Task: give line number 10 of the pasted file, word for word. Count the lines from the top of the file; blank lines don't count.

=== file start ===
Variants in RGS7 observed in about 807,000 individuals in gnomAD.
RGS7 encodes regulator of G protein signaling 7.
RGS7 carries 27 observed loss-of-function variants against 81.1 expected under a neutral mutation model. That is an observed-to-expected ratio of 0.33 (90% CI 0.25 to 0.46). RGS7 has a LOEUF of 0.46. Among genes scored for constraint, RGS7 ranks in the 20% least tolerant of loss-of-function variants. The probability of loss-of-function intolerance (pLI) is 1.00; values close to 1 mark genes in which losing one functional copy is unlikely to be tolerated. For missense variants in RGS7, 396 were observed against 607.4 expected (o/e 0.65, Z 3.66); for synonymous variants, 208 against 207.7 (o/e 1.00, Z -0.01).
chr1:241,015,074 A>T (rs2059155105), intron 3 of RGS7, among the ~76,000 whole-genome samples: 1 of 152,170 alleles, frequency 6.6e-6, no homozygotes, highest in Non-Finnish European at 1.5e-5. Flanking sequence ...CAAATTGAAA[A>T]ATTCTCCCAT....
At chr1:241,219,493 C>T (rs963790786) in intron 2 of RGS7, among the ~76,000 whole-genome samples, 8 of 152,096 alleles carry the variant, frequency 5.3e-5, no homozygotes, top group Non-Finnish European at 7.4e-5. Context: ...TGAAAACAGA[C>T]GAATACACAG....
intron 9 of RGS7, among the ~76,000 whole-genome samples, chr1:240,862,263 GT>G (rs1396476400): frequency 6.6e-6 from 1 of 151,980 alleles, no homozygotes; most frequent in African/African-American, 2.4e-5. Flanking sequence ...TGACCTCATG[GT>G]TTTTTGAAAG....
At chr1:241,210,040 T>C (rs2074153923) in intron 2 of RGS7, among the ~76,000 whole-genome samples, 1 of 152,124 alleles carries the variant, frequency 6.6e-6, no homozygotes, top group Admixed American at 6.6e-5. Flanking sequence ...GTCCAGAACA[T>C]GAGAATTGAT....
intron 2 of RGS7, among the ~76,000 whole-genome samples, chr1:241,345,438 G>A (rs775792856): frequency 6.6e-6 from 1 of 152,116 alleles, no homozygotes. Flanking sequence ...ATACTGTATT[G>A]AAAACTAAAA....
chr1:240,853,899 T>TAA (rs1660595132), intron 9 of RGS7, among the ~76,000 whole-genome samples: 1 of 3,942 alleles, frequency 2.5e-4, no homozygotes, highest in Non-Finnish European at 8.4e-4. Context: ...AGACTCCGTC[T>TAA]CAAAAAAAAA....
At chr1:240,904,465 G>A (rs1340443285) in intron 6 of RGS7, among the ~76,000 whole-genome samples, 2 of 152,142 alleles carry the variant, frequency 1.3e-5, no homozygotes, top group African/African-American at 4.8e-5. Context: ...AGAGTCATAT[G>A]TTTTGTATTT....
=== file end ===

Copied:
At chr1:240,904,465 G>A (rs1340443285) in intron 6 of RGS7, among the ~76,000 whole-genome samples, 2 of 152,142 alleles carry the variant, frequency 1.3e-5, no homozygotes, top group African/African-American at 4.8e-5. Context: ...AGAGTCATAT[G>A]TTTTGTATTT....